October 2009 Health News
Andhra Pradesh ~ India ~ International ~ City ~ Entertainment ~ Business ~ Sports ~ Technology ~ Health ~ Features
Breast Cancer ~ Swine Flu ~ Lung Cancer ~ Heart attack ~ Pregnancy ~ All Health Topics
Home / Health News / 2009 / October 2009 / October 9, 2009
Health, Medicine, Fitness and Well-being news for October 9, 2009
RSS / Print / Comments

Health News

New study confirms smoking, cancer link (reissue)
Taking up smoking results in epigenetic changes associated with the development of cancer, UK scientists have reported. ANI

Blame your mom for your muffin top or thunder thighs
A new study by an international team of researchers, including Cambridge and Oxford experts, has revealed that our propensity to be apple or pear-shaped is at least partly in our genes. ANI

Chemicals in mother's blood linked to child's obesity
A team of scientists has revealed that babies whose mothers had relatively high levels of the chemical DDE in their blood were more likely to both grow rapidly during their first 6 months and to have a high body ma*s index (BMI) by 14 months. ANI

Health, Medicine, Fitness and Well-being news for October 9, 2009

Scientists waiting for H1N1 virus to mutate
Infectious disease experts are eagerly awaiting the H1N1 virus to undergo a mutation. ANI

Fatigued shiftworkers at high risk of sleepy driving
People involved in odd shifts or night shifts are likely to be at high risk of sleepy driving, Australian researchers have found. ANI

Constant din can make you sick
Scientists say noise can affect day to day functioning of individuals and can also lead to a dangerous change in the hearts functioning. ANI

Shingles raises stroke risk in adults
Having shingles raises the risk of suffering a stroke by almost a third, according to a new study. ANI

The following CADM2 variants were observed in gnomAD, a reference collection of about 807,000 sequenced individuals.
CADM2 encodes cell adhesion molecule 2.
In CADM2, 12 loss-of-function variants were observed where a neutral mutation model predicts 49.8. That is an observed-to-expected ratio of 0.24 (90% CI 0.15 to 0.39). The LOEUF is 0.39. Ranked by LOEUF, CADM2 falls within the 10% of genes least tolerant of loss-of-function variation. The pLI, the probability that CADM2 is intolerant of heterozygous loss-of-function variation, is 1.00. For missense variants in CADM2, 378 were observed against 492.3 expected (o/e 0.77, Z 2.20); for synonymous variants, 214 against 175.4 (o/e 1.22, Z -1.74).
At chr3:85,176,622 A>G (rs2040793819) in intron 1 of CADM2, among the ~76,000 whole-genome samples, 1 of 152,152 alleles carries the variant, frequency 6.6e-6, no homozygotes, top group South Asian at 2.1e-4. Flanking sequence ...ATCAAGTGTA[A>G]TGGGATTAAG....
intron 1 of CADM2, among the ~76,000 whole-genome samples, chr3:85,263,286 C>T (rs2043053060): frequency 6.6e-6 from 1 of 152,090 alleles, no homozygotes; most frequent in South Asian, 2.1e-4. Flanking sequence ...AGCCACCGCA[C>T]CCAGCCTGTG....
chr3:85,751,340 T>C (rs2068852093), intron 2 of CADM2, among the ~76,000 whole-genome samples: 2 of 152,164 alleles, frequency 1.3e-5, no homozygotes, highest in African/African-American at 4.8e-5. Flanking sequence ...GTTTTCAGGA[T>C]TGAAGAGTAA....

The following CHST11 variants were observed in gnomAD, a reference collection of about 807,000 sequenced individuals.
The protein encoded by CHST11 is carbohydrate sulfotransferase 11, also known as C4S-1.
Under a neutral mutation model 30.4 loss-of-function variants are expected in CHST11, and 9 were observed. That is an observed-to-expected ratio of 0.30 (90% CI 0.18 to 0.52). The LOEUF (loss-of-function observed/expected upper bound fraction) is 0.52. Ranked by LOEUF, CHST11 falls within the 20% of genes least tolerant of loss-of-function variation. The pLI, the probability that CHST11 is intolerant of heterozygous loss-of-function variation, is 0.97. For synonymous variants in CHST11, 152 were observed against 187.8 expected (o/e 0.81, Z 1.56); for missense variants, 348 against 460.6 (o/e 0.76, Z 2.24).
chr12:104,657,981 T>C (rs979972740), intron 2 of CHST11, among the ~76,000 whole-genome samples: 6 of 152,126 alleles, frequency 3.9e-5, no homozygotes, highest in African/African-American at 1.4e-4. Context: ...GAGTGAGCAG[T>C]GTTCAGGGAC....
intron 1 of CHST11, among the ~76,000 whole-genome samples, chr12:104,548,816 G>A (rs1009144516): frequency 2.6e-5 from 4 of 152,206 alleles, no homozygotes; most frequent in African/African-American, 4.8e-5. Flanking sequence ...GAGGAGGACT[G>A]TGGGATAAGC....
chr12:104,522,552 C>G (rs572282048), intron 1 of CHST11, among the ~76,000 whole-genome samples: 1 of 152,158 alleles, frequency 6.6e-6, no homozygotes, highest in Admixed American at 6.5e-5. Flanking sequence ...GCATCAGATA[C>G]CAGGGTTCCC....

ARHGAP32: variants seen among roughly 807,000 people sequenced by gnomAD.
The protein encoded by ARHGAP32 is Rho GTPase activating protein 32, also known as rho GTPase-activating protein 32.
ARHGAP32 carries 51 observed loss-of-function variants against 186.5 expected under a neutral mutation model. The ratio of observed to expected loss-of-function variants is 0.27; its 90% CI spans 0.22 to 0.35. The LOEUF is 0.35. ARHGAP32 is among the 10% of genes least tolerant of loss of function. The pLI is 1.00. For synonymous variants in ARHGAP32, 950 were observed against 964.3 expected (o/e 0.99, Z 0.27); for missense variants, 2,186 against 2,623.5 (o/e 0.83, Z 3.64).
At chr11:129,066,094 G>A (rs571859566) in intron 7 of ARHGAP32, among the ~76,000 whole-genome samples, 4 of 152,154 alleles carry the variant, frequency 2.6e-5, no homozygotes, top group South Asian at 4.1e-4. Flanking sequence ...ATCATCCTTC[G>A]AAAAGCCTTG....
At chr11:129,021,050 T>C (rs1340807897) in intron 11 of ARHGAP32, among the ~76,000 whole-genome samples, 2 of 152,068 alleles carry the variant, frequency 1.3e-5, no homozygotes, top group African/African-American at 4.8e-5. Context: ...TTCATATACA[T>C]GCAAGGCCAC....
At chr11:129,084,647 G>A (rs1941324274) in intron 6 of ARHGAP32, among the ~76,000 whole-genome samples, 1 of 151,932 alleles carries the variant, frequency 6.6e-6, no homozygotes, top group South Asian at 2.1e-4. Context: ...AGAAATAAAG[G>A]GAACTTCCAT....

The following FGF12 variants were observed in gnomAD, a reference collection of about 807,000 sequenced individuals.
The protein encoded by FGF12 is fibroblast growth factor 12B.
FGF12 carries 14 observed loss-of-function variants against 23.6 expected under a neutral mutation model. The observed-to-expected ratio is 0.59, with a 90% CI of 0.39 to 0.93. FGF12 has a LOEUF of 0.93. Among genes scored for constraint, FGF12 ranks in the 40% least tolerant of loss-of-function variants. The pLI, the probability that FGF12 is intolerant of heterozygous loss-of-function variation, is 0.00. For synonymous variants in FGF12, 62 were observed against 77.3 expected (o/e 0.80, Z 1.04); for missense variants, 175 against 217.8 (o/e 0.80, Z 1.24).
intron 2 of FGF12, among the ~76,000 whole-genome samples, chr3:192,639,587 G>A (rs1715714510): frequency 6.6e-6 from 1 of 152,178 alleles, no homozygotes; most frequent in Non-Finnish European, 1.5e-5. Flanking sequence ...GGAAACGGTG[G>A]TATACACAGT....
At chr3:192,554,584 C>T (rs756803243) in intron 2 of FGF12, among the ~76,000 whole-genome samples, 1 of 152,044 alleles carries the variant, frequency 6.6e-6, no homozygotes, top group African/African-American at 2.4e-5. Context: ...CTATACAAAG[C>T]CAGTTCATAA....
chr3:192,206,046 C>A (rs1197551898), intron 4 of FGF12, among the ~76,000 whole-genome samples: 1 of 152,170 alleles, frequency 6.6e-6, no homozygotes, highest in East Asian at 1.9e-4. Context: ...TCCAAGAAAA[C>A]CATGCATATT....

New, simpler optical method to diagnose TB
American researchers have demonstrated a new optical technique to detect TB bacteria in fluids. ANI

Coffee can give kids sleepless nights, breathing problems
Giving coffee to babies wont keep them awake as in case of adults, in fact the hot beverage would have a long-lasting and detrimental effect on little ones sleep and breathing patterns in adulthood, says a new study. ANI

Exercise improves survival in kidney disease patients
Staying active may help extend the lives of people with kidney disease, says a new study. ANI

Your diet dramatically affects your sleep patterns
A nutritionally balanced high glycaemic index (GI)meal, one that rapidly releases glucose into the bloodstream, can significantly increase the presence of tryptophan - an amino acid known to induce sleepiness, according to sleep scientists at the University of Sydney. ANI

Little progress in implementation of lifesaving diarrhea treatments for kids
Even though low-cost diarrhea treatments are possible, there is a huge number of deaths among children due to the sickness, as nothing much has been done to implement certain life-saving techniques, according to a new study. ANI

Teens who get alcohol from parents get into less trouble
Giving money to your teenage kid for drinking alcohol can actually help him/her avoid getting into trouble, according to a new British survey. ANI

Gifts, greeting cards can support mentally-ill
Sending cards and gifts to friends and family suffering with mental health problems may aid their recovery, say experts. ANI

Jet lag cure a step closer
Jet lag may soon be history thanks to scientists who have discovered the exact brain cell that sends us to sleep or keeps us awake. ANI

Breast cancer patients have low vitamin D levels
Women with breast cancer are likely to have low levels of vitamin D, which could contribute to decreased bone mass and greater risk of fractures, according to scientists at the University of Rochester Medical Center. ANI

Even a little exercise can boost body image
Doing just a little exercise-not actually getting fit- can make you feel better about yourself, concludes a new study. ANI

Gluten-free diet lessens bone problems in kids with celiac disease
Gluten-free diet can affect recovery of children with celiac disease (CD), an inherited intestinal disorder characterized by life-long intolerance to the ingestion of gluten, a protein found in wheat, rye, and barley, says a new study. ANI

Suggested pages for your additional reading
AndhraNews.net on Facebook

© 2000-2018 AndhraNews.net. All Rights Reserved and are of their respective owners.
Disclaimer, Terms of Service & Privacy Policy | Contact Us